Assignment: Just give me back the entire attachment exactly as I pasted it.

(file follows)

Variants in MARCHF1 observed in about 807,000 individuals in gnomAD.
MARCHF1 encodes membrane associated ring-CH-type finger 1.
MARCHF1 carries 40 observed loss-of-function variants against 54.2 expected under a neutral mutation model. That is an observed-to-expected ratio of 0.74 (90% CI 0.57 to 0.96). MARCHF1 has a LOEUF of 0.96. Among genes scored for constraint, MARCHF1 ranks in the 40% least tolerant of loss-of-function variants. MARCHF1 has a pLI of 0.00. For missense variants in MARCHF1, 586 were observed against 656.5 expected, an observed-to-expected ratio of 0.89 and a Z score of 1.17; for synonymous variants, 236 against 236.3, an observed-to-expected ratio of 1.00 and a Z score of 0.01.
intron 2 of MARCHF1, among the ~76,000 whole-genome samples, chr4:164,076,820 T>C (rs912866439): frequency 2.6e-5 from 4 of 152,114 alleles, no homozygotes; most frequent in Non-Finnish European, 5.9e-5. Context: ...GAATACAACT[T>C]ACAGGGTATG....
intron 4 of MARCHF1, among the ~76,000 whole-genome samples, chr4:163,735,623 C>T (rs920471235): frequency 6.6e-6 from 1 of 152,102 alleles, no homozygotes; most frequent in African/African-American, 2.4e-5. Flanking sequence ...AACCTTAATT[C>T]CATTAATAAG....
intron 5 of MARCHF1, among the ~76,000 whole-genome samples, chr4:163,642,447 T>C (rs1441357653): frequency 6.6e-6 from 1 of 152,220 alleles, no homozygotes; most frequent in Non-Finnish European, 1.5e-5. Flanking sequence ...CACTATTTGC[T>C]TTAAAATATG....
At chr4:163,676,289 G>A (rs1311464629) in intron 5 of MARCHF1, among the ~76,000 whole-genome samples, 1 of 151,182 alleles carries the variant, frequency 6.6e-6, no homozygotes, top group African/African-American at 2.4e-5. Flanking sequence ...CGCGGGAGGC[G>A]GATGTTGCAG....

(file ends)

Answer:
Variants in MARCHF1 observed in about 807,000 individuals in gnomAD.
MARCHF1 encodes membrane associated ring-CH-type finger 1.
MARCHF1 carries 40 observed loss-of-function variants against 54.2 expected under a neutral mutation model. That is an observed-to-expected ratio of 0.74 (90% CI 0.57 to 0.96). MARCHF1 has a LOEUF of 0.96. Among genes scored for constraint, MARCHF1 ranks in the 40% least tolerant of loss-of-function variants. MARCHF1 has a pLI of 0.00. For missense variants in MARCHF1, 586 were observed against 656.5 expected, an observed-to-expected ratio of 0.89 and a Z score of 1.17; for synonymous variants, 236 against 236.3, an observed-to-expected ratio of 1.00 and a Z score of 0.01.
intron 2 of MARCHF1, among the ~76,000 whole-genome samples, chr4:164,076,820 T>C (rs912866439): frequency 2.6e-5 from 4 of 152,114 alleles, no homozygotes; most frequent in Non-Finnish European, 5.9e-5. Context: ...GAATACAACT[T>C]ACAGGGTATG....
intron 4 of MARCHF1, among the ~76,000 whole-genome samples, chr4:163,735,623 C>T (rs920471235): frequency 6.6e-6 from 1 of 152,102 alleles, no homozygotes; most frequent in African/African-American, 2.4e-5. Flanking sequence ...AACCTTAATT[C>T]CATTAATAAG....
intron 5 of MARCHF1, among the ~76,000 whole-genome samples, chr4:163,642,447 T>C (rs1441357653): frequency 6.6e-6 from 1 of 152,220 alleles, no homozygotes; most frequent in Non-Finnish European, 1.5e-5. Flanking sequence ...CACTATTTGC[T>C]TTAAAATATG....
At chr4:163,676,289 G>A (rs1311464629) in intron 5 of MARCHF1, among the ~76,000 whole-genome samples, 1 of 151,182 alleles carries the variant, frequency 6.6e-6, no homozygotes, top group African/African-American at 2.4e-5. Flanking sequence ...CGCGGGAGGC[G>A]GATGTTGCAG....